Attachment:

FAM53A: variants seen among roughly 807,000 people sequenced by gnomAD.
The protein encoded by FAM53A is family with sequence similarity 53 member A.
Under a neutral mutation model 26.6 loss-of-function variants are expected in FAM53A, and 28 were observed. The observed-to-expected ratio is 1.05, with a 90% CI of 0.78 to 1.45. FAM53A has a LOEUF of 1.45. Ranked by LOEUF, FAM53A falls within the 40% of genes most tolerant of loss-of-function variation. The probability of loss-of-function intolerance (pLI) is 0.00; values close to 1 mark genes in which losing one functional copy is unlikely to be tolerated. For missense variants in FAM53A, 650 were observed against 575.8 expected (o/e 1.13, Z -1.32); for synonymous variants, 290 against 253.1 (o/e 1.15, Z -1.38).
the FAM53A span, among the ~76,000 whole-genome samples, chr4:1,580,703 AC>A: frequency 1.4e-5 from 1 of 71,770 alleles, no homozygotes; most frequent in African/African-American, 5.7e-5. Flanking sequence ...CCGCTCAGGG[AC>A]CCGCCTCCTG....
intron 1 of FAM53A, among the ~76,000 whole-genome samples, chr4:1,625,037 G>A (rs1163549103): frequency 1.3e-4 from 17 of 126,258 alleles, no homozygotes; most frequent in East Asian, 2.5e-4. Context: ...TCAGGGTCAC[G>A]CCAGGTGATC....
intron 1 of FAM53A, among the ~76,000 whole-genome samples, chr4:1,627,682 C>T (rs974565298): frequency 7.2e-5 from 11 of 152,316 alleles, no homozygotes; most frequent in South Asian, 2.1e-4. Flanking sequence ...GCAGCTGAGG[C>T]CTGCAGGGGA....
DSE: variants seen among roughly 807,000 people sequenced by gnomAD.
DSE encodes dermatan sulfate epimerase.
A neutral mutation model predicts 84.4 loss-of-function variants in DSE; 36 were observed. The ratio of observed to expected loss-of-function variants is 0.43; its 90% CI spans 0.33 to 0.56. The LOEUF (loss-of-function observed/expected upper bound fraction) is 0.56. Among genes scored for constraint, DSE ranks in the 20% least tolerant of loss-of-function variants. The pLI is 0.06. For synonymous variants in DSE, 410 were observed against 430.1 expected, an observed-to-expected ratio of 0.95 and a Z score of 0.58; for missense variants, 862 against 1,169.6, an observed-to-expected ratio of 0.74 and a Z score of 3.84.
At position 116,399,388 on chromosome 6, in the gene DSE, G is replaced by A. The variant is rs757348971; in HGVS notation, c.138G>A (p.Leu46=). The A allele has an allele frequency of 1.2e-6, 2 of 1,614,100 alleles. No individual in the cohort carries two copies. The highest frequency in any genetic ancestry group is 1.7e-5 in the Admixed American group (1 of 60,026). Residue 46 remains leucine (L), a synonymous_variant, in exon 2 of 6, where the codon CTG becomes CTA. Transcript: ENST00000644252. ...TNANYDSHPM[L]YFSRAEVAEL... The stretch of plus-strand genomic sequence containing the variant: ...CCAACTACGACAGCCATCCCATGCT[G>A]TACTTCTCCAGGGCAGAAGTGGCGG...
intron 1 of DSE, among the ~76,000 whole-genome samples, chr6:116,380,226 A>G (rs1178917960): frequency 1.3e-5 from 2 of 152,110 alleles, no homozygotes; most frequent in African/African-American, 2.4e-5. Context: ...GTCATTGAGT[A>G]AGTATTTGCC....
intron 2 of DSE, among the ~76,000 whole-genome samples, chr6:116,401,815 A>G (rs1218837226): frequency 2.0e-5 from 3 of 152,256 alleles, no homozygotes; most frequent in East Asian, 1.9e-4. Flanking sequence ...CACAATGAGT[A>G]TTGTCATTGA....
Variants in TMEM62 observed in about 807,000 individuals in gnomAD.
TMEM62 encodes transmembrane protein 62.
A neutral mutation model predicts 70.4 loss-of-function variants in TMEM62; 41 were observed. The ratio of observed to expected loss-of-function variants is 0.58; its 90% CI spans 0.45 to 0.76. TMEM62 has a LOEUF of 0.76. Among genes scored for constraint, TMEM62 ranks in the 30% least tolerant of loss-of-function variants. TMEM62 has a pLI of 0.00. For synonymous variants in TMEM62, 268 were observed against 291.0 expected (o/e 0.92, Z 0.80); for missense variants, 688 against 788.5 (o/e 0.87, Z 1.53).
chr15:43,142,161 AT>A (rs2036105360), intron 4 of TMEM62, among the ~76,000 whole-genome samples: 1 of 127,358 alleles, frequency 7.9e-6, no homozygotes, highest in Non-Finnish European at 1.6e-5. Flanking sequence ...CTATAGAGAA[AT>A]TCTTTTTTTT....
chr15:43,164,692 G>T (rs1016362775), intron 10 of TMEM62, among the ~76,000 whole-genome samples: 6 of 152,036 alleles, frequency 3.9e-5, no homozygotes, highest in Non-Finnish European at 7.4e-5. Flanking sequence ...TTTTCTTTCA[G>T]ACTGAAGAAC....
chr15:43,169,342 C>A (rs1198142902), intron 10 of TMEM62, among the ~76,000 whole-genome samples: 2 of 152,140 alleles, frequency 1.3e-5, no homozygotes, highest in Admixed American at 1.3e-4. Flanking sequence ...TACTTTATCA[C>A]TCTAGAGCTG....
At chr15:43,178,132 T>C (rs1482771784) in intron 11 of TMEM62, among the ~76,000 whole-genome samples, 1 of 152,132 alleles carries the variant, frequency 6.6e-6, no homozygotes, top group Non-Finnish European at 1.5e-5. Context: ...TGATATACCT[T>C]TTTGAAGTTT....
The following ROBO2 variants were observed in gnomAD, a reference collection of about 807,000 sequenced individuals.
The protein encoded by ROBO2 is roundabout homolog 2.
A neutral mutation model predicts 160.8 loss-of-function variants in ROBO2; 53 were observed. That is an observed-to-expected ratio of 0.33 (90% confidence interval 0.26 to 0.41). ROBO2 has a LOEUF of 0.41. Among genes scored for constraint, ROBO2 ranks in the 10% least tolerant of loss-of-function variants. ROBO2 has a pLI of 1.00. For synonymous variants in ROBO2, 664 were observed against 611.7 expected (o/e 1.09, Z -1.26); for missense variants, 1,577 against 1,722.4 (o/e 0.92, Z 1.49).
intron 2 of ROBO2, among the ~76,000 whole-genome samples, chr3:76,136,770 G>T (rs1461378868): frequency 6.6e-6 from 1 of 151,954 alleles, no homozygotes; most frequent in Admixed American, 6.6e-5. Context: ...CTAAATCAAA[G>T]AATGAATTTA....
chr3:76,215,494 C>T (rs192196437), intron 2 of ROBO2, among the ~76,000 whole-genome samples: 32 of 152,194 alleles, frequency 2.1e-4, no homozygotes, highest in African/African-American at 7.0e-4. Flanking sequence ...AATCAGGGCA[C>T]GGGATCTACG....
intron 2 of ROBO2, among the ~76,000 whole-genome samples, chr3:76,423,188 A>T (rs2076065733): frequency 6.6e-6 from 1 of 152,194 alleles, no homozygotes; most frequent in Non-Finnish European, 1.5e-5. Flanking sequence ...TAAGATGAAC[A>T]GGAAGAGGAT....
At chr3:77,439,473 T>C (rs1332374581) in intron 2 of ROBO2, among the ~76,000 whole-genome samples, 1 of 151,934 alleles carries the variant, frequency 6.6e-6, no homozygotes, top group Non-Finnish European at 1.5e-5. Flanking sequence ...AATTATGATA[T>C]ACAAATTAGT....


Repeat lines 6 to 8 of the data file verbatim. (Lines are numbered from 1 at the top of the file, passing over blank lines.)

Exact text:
intron 1 of FAM53A, among the ~76,000 whole-genome samples, chr4:1,627,682 C>T (rs974565298): frequency 7.2e-5 from 11 of 152,316 alleles, no homozygotes; most frequent in South Asian, 2.1e-4. Flanking sequence ...GCAGCTGAGG[C>T]CTGCAGGGGA....
DSE: variants seen among roughly 807,000 people sequenced by gnomAD.
DSE encodes dermatan sulfate epimerase.